(1) I took this picture way back in 1990 using my beloved Canon AE-1 Program camera and my favorite black and white film Kodak Tri-X.
I then turned it into a color picture using Kodak’s Create-A-Print machine (if I remember correctly). By experimenting with the filtration settings, I was able to create several pictures with different tones.
(2) If you hover over the picture, you’ll see in a pop-up widow the sample creative text for this picture.
(3) Kodak Tri-X happens also to be the favorite film of world-famous photojournalist Salgado. I wonder, does Salgado now use digital cameras instead of his trusty Leica?
(4) Photographers call sunrise and sunset as the “golden hours,” meaning, they are the best times to take pictures. Since this picture was originally a monochrome image, it’s hard to tell whether it was shot during sunrise or sunset, right?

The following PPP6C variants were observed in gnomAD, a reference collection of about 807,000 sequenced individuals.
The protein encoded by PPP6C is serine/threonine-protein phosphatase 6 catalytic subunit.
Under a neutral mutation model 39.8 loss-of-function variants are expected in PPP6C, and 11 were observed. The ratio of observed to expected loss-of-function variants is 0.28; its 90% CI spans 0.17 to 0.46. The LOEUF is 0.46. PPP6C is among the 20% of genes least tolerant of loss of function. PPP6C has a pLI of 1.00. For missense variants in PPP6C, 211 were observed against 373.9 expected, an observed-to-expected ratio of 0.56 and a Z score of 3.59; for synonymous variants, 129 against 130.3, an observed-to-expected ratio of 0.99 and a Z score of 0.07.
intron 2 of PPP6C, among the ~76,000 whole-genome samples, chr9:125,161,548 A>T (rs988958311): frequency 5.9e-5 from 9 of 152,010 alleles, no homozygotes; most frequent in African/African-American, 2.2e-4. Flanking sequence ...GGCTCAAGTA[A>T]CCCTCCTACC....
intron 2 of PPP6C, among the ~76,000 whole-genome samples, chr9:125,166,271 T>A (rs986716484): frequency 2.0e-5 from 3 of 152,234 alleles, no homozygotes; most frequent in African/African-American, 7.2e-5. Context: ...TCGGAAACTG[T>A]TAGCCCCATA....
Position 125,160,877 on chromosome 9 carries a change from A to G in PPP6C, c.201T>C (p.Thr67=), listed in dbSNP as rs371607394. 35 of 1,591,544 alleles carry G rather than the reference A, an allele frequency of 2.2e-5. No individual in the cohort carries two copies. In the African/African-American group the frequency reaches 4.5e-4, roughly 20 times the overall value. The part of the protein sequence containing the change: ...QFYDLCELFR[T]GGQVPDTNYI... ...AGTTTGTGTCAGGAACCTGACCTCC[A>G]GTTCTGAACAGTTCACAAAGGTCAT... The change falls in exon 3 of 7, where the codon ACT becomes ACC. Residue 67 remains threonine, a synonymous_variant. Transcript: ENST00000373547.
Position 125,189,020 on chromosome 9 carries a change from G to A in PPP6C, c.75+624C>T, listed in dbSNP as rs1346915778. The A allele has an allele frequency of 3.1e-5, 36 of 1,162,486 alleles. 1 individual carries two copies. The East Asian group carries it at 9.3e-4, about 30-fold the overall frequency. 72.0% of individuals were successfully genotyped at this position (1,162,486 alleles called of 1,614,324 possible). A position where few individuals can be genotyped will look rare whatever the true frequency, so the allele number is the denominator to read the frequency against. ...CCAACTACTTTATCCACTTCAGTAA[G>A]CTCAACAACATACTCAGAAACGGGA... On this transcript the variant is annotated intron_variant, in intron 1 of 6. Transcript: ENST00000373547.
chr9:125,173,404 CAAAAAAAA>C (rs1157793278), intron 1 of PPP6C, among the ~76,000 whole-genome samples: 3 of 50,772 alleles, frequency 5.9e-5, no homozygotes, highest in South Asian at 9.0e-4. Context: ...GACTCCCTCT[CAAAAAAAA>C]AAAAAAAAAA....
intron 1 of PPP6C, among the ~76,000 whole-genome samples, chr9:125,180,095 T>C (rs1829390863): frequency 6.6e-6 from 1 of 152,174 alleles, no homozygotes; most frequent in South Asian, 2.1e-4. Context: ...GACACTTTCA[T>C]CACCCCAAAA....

A lot of you may be familiar with the Broadway musical “Fiddler on the Roof” from which the song “Sunrise, Sunset” came from. The chorus of the song goes like this:
Sunrise, sunset,Wikipedia summarizes Fiddler’s history, distinctions and awards:
swiftly fly the years,
one season following another,
laden with happiness
The original Broadway production of the show, which opened in 1964, was the first musical to surpass the 3,000 performance mark, and it held the record for longest-running Broadway musical for almost 10 years until Grease surpassed its run. The production earned $1,574 for every dollar invested in it.
The show was highly acclaimed and nominated for ten Tony Awards, winning nine, including Best Musical, score, book, direction and choreography. It spawned four Broadway revivals, a successful 1971 film adaptation, and has enjoyed enduring international popularity. It is also a very popular choice for school and community productions.
When used as the inspiration for an essay, the setting sun usually evokes emotions of loneliness or serenity.